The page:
Bulls vs. Bears
● By Style
Citizens of early Gold Rush California looked forward to some free time when they could seek diversion from the business of gold mining, keeping the store, or serving hungry, thirsty and weary travelers.
Entertainment was scarce, to say the least, but the people in communities throughout the Mother Lode managed to amuse themselves.
One of the clear favorite leisure-time activities was the bull and bear fight. Many mining camps played host to the gruesome event at least once during its brief popularity. Like monte, the cultural tradition of the bull and bear fight originated in Mexico. The Sierra Nevada foothills proved particularly suited to the “blood sport” because of the availability of grizzly, brown, and black bears, and their location within trading distance of valley ranchers.
Eager citizens along the Georgetown Divide placed their bets at the circular arena located on the east side of Georgetown. Hangtown (Placerville) crowds swarmed the showground atop Circus Hill, later McCormick’s Hill, north of today’s Highway 50 between Conrad and Spring Street. The probable builder of Hangtown’s fighting ring, Ben Nickerson, apparently made a good stake from the arena, for he soon opened the largest gambling den in Hangtown – the enormous, canvas-topped Trio Hall.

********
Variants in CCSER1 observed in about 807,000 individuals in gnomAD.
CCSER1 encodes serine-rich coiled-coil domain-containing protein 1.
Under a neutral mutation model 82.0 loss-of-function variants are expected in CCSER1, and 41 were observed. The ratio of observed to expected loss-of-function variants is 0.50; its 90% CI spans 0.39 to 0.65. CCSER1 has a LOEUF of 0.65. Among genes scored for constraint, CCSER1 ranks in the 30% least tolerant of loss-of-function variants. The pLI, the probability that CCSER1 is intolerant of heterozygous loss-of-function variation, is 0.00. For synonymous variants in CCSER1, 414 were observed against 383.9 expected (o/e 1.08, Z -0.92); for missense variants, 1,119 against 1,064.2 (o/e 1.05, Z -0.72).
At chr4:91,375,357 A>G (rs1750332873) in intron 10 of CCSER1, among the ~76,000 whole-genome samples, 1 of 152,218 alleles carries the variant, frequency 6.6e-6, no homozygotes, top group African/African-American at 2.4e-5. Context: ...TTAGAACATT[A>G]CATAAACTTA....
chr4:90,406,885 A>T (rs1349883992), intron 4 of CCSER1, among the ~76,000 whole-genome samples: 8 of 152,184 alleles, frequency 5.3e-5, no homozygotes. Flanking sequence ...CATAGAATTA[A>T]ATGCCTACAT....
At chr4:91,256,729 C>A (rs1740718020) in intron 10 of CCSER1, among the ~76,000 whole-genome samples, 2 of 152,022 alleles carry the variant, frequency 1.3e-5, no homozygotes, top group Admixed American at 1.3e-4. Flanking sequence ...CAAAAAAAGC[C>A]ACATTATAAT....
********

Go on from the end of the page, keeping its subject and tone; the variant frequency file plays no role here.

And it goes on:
While practices varied from camp to camp, proprietors generally roped or chained bears to a post in the middle of the ring and gave it 10 to 20 feet of slack with which to maneuver. Sometimes bulls were similarly restrained, and some managers sawed off the tips of the bull’s horns. Spectators gasped, whooped and shouted as the fight began, often with a charge by the bull that was met by a snout-crushing chomp of the bear’s teeth. The bulls were the real crowd pleasers, however, and men and women alike reveled in their daring determination.
Easy to obtain and prone to kick, donkeys became another favored contestant in these fights. The “Champion Jackass of California,” claimed to have whipped a bull in Sonora and another in San Andreas – once appearing in Hangtown where he knocked out a mountain lion.
Public agitation eventually put an end to the bloody sport; but, initial efforts to shut down the arenas did not necessarily meet with unanimity. In January 1855, for example, citizens in Georgetown expressed their concern over the problem as evidenced in this amusing ad printed in the Georgetown News:
On last Saturday and Sunday a Bull Fight came off at an amphitheater constructed for the purpose in the suburbs of Georgetown. Upon the transaction of such occurrences among us, and especially on the Sabbath, many of our influential citizens have plainly expressed to us their disgust upon the recurrence of such scenes. Now in reference to this we can only say: Should they be disgusting to you, your only available resource for protection from them, is to withhold your patronage. We cannot do the work ourself, it being to the people . . .
P.S. Another of these beastly fights will come off next Sunday, providing the weather is favorable.